The collision which was the subject of that suit occurred when De Rose, the deliveryman, was returning home after a collection trip. From the above facts, the court found that the jury could reasonably infer that the newspaper publishing company did exercise control over De Rose as to the manner in which he performed. It also found that the deductions listed above are usually made only from the paycheck of an employee.

Similarily, in Cooper v. Asheville Citizen-Time Publishing Co., Inc. (1963), 258 N.C. 578, 129 S.E.2d 107, the publishing company exercised more control over the deliveryman, Sumner, than the demand for a particular result. Sumner was required to sell mail subscriptions for the newspaper; he had to train a successor or forfeit part of his cash bond if he wanted to terminate the contract; he was notified of complaints against him and he had to "do something about them" or risk termination of his contract; he also had to meet weekly with the district supervisor to discuss changes in policy on the part of the newspaper, problems, and complaints against him. Sumner was permitted no interest in the route or the list of subscribers; these belonged to the publishing company.

The third case cited is Wallowa Valley Stages, Inc. v. Oregonian Publishing Co. (1963), 235 Ore. 594, 386 P.2d 430. The deliveryman, Badgett, testified that "supervisory personnel from the circulation department rode with him and showed him how to solicit customers." (235 Ore. 594, 602, 386 P.2d 430, 433.) They gave him advice on how to retain customers. The publishing company could terminate the contract almost at will. The Supreme Court of Oregon found that they could not as a matter of law declare Badgett an independent contractor or an employee. The court found that there was sufficient basis in fact for the decision of the jury. The court did state, however, "[w]hether or not a given person is the servant or the contractor of another is ordinarily a question of law, where the facts are clear." 255 Ore. 594, 600, 386 P.2d 430, 433.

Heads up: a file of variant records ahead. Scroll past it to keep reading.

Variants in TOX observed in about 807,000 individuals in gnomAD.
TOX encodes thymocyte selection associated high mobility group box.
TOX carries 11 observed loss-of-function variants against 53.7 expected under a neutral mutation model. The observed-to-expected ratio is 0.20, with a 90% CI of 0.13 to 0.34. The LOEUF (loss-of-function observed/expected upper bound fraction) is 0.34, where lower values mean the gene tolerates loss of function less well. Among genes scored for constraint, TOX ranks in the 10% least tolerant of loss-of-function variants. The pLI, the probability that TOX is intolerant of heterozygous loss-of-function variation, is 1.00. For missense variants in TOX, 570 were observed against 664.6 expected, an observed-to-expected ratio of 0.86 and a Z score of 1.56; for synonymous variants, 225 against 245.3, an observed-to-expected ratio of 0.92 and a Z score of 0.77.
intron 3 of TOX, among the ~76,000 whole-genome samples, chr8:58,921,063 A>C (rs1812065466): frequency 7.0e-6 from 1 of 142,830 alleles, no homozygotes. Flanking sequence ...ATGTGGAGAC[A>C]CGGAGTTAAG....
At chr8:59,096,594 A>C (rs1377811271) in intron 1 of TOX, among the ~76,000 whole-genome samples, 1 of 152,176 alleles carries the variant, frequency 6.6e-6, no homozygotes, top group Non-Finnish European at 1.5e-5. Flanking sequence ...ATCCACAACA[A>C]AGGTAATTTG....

In the fourth case, Scorpion v. American-Republican, Inc. (1944), 131 Conn. 42, 37 A.2d 802, the court found that the contract between the alleged employer/employee was inapplicable.

Due consideration of those cases confirms this court's belief that the relationship of employer/independent contractor may be a matter of law if the facts are clear and no reasonable dispute as to the facts exists.

Third, the plaintiffs contend that all the evidentiary facts are not before the court because the interrogatories addressed to The Daily News-Tribune have not been answered. While we do agree that in most instances it would be helpful to have the answered interrogatories before the trial court during the consideration of a motion for summary judgment, in this particular instance, we do not find that the answered interrogatories would have changed the decision of the trial court.

We have examined the contract between Larry L. Johnson and The Daily News-Tribune and we have examined the material in support of and in opposition to the motion for summary judgment. It appears that personnel from the circulation department rode with Johnson for only three days so that Johnson could learn the route. While Johnson had the right to change the route, we do not know that he did. There was a small, unexplained deduction from the paycheck of Johnson, but he paid his own taxes; The Daily News-Tribune did not. While he did on occasion use a vehicle owned by The Daily News-Tribune, he did that only when his vehicle was not available.

It is well established that no single factor is determinative of the relationship. The agreements, acts, and understandings of the parties must be considered. If there is no reasonable dispute regarding the facts, then the determination can be made as a matter of law. If the parties to the relation are bound by a contract which by its terms clearly defines that relationship as that of employer/independent contractor, and the parties abide by that contract, then the contract may be conclusive of their relationship.

• 7 Here we find no reasonable dispute regarding the facts. The contract between Larry L. Johnson and The Daily News-Tribune clearly defines their relationship and Johnson and The Daily News-Tribune abided by the contract. Therefore, Larry L. Johnson was an independent contractor.

For the reasons stated above, the decision of the trial court is affirmed.


STENGEL, P.J., and ALLOY, J., concur.